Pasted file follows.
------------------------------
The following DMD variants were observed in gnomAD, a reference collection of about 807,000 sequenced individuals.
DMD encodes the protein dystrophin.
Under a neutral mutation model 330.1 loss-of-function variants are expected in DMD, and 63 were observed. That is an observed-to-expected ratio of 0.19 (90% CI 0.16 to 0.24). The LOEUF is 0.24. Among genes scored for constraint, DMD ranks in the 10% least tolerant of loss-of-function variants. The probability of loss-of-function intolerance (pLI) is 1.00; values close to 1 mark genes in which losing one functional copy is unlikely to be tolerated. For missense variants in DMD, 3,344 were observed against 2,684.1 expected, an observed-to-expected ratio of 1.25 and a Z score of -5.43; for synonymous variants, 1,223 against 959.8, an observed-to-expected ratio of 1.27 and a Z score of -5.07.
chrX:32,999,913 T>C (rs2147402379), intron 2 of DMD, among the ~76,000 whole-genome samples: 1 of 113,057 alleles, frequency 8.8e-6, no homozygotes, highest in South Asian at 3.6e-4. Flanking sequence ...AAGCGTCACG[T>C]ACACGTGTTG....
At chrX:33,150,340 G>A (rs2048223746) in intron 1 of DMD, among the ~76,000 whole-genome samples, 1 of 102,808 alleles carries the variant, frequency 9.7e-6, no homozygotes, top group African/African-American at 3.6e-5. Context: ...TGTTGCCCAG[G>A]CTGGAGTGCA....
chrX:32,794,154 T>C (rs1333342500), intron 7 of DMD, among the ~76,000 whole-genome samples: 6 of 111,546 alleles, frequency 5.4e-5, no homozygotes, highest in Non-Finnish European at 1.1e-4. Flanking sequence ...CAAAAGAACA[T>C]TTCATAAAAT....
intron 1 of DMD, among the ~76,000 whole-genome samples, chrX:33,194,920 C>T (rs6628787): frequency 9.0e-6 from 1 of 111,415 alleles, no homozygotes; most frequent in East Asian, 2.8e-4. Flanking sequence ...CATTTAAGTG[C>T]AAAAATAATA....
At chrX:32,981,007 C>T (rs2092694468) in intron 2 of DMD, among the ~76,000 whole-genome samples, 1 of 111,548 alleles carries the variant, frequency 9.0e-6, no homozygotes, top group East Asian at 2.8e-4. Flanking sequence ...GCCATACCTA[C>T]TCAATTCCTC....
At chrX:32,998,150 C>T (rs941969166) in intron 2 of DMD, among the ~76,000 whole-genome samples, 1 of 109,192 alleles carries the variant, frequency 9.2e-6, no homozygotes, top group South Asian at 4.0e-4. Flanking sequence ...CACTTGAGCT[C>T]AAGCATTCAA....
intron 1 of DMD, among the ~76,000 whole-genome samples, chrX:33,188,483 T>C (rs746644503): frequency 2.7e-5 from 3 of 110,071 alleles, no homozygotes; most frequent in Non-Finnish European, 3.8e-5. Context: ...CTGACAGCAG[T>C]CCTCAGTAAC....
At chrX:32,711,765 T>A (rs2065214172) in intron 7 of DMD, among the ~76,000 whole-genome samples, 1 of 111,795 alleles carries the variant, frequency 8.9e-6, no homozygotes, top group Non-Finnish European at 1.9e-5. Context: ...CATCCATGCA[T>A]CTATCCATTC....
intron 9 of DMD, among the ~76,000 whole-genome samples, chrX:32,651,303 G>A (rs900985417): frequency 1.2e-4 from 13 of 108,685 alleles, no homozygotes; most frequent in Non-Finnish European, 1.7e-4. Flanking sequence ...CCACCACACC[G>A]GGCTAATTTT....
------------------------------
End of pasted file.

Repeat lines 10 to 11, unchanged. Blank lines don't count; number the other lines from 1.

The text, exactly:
intron 1 of DMD, among the ~76,000 whole-genome samples, chrX:33,188,483 T>C (rs746644503): frequency 2.7e-5 from 3 of 110,071 alleles, no homozygotes; most frequent in Non-Finnish European, 3.8e-5. Context: ...CTGACAGCAG[T>C]CCTCAGTAAC....
At chrX:32,711,765 T>A (rs2065214172) in intron 7 of DMD, among the ~76,000 whole-genome samples, 1 of 111,795 alleles carries the variant, frequency 8.9e-6, no homozygotes, top group Non-Finnish European at 1.9e-5. Context: ...CATCCATGCA[T>A]CTATCCATTC....